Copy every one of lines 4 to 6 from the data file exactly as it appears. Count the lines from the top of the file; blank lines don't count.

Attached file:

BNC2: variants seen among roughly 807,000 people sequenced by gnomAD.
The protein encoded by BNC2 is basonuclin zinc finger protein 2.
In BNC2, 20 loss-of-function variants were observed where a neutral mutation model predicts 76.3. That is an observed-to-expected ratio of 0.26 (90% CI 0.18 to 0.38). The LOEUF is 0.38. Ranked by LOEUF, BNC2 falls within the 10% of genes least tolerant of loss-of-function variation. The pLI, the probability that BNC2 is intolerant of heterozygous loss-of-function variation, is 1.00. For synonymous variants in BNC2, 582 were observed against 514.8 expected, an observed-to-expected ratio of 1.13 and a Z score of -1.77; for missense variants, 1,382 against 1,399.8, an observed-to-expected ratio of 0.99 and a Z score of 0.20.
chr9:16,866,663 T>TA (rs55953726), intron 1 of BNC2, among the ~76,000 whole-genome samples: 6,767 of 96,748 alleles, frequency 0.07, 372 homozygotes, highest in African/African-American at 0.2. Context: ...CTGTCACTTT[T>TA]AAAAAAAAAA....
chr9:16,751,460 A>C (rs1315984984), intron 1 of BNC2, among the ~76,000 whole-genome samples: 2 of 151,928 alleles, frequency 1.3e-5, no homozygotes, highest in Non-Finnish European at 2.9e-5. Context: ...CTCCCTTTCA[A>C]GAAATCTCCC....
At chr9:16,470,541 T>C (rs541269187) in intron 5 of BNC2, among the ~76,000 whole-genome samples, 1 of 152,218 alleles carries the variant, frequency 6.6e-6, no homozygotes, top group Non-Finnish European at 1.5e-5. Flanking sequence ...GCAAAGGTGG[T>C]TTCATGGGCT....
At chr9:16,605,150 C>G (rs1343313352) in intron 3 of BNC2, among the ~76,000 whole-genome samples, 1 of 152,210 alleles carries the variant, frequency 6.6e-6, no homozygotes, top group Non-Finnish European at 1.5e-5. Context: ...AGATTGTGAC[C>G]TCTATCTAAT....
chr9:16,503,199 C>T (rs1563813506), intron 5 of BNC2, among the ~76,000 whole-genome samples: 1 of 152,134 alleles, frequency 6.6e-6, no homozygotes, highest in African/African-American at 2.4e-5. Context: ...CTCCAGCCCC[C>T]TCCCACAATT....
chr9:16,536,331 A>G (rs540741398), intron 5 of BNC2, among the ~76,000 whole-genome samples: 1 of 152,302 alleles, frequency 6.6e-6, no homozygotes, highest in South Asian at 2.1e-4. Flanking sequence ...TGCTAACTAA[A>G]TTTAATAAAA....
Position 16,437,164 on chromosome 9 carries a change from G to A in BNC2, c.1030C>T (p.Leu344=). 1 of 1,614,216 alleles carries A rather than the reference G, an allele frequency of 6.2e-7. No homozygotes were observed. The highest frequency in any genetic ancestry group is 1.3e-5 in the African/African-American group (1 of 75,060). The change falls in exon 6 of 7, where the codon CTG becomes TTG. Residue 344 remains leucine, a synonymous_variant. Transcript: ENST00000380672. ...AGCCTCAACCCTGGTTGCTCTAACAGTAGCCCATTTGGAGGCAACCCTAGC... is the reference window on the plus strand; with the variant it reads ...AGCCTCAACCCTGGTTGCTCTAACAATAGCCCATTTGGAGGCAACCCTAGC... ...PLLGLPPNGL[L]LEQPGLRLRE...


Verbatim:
chr9:16,866,663 T>TA (rs55953726), intron 1 of BNC2, among the ~76,000 whole-genome samples: 6,767 of 96,748 alleles, frequency 0.07, 372 homozygotes, highest in African/African-American at 0.2. Context: ...CTGTCACTTT[T>TA]AAAAAAAAAA....
chr9:16,751,460 A>C (rs1315984984), intron 1 of BNC2, among the ~76,000 whole-genome samples: 2 of 151,928 alleles, frequency 1.3e-5, no homozygotes, highest in Non-Finnish European at 2.9e-5. Context: ...CTCCCTTTCA[A>C]GAAATCTCCC....
At chr9:16,470,541 T>C (rs541269187) in intron 5 of BNC2, among the ~76,000 whole-genome samples, 1 of 152,218 alleles carries the variant, frequency 6.6e-6, no homozygotes, top group Non-Finnish European at 1.5e-5. Flanking sequence ...GCAAAGGTGG[T>C]TTCATGGGCT....